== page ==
Epigenomics is increasingly becoming an important field of research, and the ability to detect and quantify DNA methylation accurately is now critical for numerous fields of study, including disease biology and gene expression. The differential reactivities of methylated and nonmethylated cytosines in DNA with sodium bisulfite forms the basis for their identification in the genome by sequencing. Current whole-genome bisulfite sequencing methods require substantial amounts of starting DNA to compensate for the loss due to bisulfite-mediated DNA degradation. To address issues with sample preparation, we have developed the EpiGnome™ Methyl-Seq Kit, which utilizes a novel pre-library bisulfite conversion scheme to prepare whole-genome bisulfite sequencing libraries with no sample loss and with only 50 ng of input genomic DNA.
At a glance
DNA methylation is not evenly distributed in the mammalian genome. In human somatic cells approximately 60%–80% of all CpGs (~1% of total DNA bases) are methylated. Numerous methods are available to investigate methylation patterns, including those that are enrichment based (e.g., as methylated DNA immunoprecipitation sequencing (MeDIP-seq)), restriction enzyme based (e.g., methylation-sensitive restriction enzyme sequencing (MRE-seq)) and bisulfite based (e.g., reduced-representation bisulfite sequencing (RRBS) and whole-genome bisulfite sequencing (WGBS)). Of these, the only method that captures the complete methylome of a given sample is WGBS, as only through this approach—in which unmethylated cytosine residues are converted to uracil—can genome-wide analysis of 5-methylcytosines be achieved. However, a major challenge in WGBS is the degradation of DNA that occurs during bisulfite conversion under the conditions required for complete conversion. Typically, ~90% of input DNA is degraded, something that is especially problematic when only limited starting amounts are available. Additionally, regions that are rich in unmethylated cytosines are more sensitive to strand breaks. As a consequence, a majority of DNA fragments contained in di-tagged NGS DNA libraries treated with bisulfite “post–library construction” can be rendered inactive due to strand breaks in the DNA sequence flanked by the adapter sequences. These mono-tagged templates are then excluded during library enrichment, resulting in incomplete coverage and bias when performing whole-genome bisulfite sequencing.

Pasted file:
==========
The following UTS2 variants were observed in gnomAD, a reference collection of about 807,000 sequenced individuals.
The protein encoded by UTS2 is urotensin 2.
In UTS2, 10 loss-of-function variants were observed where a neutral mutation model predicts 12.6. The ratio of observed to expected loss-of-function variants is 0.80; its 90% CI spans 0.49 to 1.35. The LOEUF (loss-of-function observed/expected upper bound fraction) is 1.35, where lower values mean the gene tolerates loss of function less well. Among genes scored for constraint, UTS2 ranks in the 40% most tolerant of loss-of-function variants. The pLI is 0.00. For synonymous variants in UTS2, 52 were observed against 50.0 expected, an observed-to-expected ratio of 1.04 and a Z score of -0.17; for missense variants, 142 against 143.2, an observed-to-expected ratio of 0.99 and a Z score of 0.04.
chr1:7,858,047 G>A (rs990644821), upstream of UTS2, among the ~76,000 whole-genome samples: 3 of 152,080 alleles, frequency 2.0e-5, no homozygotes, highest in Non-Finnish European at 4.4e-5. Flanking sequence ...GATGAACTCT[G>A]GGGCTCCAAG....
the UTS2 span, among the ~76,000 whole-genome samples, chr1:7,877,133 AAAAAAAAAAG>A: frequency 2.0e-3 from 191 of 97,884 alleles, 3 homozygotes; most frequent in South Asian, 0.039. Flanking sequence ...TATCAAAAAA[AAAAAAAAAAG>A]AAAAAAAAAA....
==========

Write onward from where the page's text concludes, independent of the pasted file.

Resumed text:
Here, we describe a novel library construction method, called EpiGnome™ Methyl-Seq, for preparing sequencing libraries from bisulfite-converted genomic DNA. This “post–bisulfite conversion” library construction method uses bisulfite-treated single-stranded DNA as template for the subsequent addition of adapter sequences required for cluster generation and sequencing. Thus, single-stranded DNA fragments independent of size and position of strand breaks remain viable templates for library construction, eliminating the loss of fragments and the selection bias associated with a post-library-construction bisulfite conversion strategy. EpiGnome does not require Covaris ultrasonication or an enzyme for fragmentation, or methylated adaptors, both of which are features of existing bisulfite sequencing library prep method workflows.